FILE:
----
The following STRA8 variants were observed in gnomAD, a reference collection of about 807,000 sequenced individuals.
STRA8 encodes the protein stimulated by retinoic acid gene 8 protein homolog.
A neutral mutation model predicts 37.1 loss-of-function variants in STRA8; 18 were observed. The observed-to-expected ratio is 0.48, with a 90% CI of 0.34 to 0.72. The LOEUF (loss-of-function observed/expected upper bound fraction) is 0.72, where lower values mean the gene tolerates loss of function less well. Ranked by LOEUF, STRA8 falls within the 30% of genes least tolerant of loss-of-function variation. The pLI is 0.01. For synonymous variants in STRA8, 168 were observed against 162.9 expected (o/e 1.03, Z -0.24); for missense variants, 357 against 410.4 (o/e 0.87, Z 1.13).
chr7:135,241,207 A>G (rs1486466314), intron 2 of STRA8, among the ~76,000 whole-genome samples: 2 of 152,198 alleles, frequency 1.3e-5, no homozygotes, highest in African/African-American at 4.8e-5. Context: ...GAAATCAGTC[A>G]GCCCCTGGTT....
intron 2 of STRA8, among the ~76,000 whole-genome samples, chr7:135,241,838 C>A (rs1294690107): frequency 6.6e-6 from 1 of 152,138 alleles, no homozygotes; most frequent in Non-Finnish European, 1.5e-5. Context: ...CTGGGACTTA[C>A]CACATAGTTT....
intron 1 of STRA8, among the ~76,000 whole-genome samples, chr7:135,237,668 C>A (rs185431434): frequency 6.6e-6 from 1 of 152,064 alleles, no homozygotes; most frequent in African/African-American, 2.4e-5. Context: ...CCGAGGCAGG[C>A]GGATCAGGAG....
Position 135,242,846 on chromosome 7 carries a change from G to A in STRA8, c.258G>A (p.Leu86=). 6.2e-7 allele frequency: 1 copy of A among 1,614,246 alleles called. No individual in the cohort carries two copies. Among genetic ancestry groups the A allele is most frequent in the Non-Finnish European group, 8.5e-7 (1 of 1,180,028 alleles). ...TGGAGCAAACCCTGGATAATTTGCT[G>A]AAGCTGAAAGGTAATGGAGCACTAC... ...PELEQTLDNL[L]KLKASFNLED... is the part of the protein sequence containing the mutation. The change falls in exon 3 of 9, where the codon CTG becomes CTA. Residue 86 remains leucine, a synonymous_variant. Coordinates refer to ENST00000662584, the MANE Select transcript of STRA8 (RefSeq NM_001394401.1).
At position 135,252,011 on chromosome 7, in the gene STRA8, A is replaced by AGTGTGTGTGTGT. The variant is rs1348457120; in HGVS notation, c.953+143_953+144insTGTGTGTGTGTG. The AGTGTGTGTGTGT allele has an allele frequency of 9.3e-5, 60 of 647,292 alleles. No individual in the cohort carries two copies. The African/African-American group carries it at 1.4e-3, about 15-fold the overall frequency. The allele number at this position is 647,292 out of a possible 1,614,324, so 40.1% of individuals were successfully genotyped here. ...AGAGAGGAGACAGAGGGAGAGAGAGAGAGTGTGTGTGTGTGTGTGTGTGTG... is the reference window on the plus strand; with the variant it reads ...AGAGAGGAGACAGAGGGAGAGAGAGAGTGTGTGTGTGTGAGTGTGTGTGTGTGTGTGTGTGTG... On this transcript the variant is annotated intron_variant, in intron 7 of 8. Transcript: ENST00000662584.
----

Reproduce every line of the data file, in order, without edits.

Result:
The following STRA8 variants were observed in gnomAD, a reference collection of about 807,000 sequenced individuals.
STRA8 encodes the protein stimulated by retinoic acid gene 8 protein homolog.
A neutral mutation model predicts 37.1 loss-of-function variants in STRA8; 18 were observed. The observed-to-expected ratio is 0.48, with a 90% CI of 0.34 to 0.72. The LOEUF (loss-of-function observed/expected upper bound fraction) is 0.72, where lower values mean the gene tolerates loss of function less well. Ranked by LOEUF, STRA8 falls within the 30% of genes least tolerant of loss-of-function variation. The pLI is 0.01. For synonymous variants in STRA8, 168 were observed against 162.9 expected (o/e 1.03, Z -0.24); for missense variants, 357 against 410.4 (o/e 0.87, Z 1.13).
chr7:135,241,207 A>G (rs1486466314), intron 2 of STRA8, among the ~76,000 whole-genome samples: 2 of 152,198 alleles, frequency 1.3e-5, no homozygotes, highest in African/African-American at 4.8e-5. Context: ...GAAATCAGTC[A>G]GCCCCTGGTT....
intron 2 of STRA8, among the ~76,000 whole-genome samples, chr7:135,241,838 C>A (rs1294690107): frequency 6.6e-6 from 1 of 152,138 alleles, no homozygotes; most frequent in Non-Finnish European, 1.5e-5. Context: ...CTGGGACTTA[C>A]CACATAGTTT....
intron 1 of STRA8, among the ~76,000 whole-genome samples, chr7:135,237,668 C>A (rs185431434): frequency 6.6e-6 from 1 of 152,064 alleles, no homozygotes; most frequent in African/African-American, 2.4e-5. Context: ...CCGAGGCAGG[C>A]GGATCAGGAG....
Position 135,242,846 on chromosome 7 carries a change from G to A in STRA8, c.258G>A (p.Leu86=). 6.2e-7 allele frequency: 1 copy of A among 1,614,246 alleles called. No individual in the cohort carries two copies. Among genetic ancestry groups the A allele is most frequent in the Non-Finnish European group, 8.5e-7 (1 of 1,180,028 alleles). ...TGGAGCAAACCCTGGATAATTTGCT[G>A]AAGCTGAAAGGTAATGGAGCACTAC... ...PELEQTLDNL[L]KLKASFNLED... is the part of the protein sequence containing the mutation. The change falls in exon 3 of 9, where the codon CTG becomes CTA. Residue 86 remains leucine, a synonymous_variant. Coordinates refer to ENST00000662584, the MANE Select transcript of STRA8 (RefSeq NM_001394401.1).
At position 135,252,011 on chromosome 7, in the gene STRA8, A is replaced by AGTGTGTGTGTGT. The variant is rs1348457120; in HGVS notation, c.953+143_953+144insTGTGTGTGTGTG. The AGTGTGTGTGTGT allele has an allele frequency of 9.3e-5, 60 of 647,292 alleles. No individual in the cohort carries two copies. The African/African-American group carries it at 1.4e-3, about 15-fold the overall frequency. The allele number at this position is 647,292 out of a possible 1,614,324, so 40.1% of individuals were successfully genotyped here. ...AGAGAGGAGACAGAGGGAGAGAGAGAGAGTGTGTGTGTGTGTGTGTGTGTG... is the reference window on the plus strand; with the variant it reads ...AGAGAGGAGACAGAGGGAGAGAGAGAGTGTGTGTGTGTGAGTGTGTGTGTGTGTGTGTGTGTG... On this transcript the variant is annotated intron_variant, in intron 7 of 8. Transcript: ENST00000662584.